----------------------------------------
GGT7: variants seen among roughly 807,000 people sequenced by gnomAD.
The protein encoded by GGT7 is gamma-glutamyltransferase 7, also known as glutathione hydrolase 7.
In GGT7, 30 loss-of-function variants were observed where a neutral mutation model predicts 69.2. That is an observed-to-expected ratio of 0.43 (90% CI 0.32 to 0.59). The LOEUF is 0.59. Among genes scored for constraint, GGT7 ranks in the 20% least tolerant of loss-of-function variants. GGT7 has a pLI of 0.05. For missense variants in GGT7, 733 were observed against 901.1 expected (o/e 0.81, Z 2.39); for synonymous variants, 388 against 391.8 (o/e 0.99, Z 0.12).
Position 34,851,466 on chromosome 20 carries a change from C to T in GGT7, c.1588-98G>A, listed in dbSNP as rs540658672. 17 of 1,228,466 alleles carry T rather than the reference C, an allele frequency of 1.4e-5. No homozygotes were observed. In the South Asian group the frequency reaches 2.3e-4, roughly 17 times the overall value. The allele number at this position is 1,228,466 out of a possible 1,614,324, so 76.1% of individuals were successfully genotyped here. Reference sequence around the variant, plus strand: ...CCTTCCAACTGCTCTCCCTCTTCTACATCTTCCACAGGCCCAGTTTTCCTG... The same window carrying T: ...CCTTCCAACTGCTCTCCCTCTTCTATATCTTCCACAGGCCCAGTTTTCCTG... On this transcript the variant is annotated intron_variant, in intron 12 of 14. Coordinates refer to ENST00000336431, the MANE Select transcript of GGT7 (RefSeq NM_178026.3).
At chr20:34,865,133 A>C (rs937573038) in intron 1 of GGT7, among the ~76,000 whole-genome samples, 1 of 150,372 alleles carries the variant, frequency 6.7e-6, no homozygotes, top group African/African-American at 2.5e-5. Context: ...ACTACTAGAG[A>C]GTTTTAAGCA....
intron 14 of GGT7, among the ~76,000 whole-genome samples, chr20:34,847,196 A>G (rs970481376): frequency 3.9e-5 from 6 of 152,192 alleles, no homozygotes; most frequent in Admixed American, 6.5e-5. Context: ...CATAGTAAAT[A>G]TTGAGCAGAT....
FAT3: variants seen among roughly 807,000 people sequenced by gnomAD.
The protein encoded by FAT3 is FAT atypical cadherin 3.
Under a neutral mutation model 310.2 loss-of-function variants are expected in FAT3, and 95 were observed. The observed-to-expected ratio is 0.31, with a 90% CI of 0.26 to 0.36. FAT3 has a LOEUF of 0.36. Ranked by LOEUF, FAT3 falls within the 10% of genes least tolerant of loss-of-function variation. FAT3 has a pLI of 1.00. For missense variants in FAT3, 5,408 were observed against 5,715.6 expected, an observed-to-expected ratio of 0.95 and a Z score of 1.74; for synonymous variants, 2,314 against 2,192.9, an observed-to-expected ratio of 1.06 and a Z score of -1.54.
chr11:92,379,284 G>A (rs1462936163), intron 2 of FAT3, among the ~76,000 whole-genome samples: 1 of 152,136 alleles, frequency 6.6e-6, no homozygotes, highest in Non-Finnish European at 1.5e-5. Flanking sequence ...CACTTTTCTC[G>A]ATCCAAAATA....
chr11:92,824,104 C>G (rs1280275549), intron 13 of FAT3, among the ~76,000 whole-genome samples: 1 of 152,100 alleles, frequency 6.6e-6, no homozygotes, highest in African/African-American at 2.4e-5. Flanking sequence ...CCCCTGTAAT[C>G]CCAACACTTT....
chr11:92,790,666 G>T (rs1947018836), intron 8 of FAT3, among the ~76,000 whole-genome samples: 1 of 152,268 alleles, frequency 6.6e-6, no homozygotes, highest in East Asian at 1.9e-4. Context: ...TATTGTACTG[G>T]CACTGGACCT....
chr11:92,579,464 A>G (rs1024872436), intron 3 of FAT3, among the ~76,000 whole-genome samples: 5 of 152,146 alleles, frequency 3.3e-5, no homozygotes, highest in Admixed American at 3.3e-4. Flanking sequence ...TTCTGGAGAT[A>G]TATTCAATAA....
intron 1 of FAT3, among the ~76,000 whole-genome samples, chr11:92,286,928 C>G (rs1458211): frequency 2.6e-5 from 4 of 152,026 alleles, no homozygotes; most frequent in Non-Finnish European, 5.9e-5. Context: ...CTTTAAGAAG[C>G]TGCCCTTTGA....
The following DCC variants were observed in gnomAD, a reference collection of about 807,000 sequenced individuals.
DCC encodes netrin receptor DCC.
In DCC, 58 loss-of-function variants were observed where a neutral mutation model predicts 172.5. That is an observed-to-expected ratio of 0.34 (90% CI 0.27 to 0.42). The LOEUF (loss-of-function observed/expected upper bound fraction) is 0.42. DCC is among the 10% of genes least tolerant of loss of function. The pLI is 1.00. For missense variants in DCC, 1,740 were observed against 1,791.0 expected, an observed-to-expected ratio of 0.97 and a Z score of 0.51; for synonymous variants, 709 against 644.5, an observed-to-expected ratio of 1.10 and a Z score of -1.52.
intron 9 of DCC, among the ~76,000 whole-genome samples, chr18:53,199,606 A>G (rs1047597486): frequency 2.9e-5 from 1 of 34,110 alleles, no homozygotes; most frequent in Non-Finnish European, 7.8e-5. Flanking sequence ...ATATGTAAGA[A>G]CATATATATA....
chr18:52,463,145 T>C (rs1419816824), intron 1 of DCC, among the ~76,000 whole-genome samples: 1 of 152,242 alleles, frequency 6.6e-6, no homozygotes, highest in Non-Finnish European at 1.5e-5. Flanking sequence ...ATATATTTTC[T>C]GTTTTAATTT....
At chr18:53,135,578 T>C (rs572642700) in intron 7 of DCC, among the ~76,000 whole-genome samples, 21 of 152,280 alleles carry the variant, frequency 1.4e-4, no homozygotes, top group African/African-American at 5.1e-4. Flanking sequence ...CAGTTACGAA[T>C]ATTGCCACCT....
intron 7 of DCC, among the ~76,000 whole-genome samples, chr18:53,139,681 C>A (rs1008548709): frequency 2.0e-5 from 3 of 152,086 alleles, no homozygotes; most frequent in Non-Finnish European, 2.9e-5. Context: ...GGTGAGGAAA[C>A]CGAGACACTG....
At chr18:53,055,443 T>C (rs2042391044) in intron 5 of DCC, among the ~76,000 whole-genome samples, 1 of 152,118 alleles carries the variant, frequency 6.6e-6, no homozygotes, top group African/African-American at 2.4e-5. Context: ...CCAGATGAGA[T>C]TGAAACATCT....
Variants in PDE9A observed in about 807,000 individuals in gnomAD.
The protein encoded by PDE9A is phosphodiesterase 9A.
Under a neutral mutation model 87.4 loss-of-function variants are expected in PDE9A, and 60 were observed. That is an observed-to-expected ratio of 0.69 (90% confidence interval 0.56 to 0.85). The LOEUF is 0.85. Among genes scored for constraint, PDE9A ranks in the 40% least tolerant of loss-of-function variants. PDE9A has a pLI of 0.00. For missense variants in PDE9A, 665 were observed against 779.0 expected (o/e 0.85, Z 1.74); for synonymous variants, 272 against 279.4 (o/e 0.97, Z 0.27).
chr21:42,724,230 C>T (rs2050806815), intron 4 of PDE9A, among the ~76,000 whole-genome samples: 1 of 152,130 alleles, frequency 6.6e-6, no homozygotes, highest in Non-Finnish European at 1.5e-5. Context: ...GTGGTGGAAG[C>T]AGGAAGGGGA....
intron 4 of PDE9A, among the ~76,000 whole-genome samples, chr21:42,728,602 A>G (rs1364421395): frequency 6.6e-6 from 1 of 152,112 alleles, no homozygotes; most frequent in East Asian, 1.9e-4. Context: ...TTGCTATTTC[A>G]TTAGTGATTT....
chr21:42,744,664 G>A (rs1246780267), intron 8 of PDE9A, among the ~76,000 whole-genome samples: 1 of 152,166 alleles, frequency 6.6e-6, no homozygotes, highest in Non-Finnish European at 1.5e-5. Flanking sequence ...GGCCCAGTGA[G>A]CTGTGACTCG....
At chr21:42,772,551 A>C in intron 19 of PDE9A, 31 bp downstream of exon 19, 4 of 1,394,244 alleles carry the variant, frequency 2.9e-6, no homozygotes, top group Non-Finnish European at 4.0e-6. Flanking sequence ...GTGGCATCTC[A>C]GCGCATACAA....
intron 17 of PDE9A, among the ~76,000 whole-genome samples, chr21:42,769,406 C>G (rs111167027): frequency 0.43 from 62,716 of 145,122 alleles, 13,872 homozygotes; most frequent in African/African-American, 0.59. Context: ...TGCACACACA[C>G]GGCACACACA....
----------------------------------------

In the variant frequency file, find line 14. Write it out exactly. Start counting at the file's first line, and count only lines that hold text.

intron 1 of FAT3, among the ~76,000 whole-genome samples, chr11:92,286,928 C>G (rs1458211): frequency 2.6e-5 from 4 of 152,026 alleles, no homozygotes; most frequent in Non-Finnish European, 5.9e-5. Context: ...CTTTAAGAAG[C>G]TGCCCTTTGA....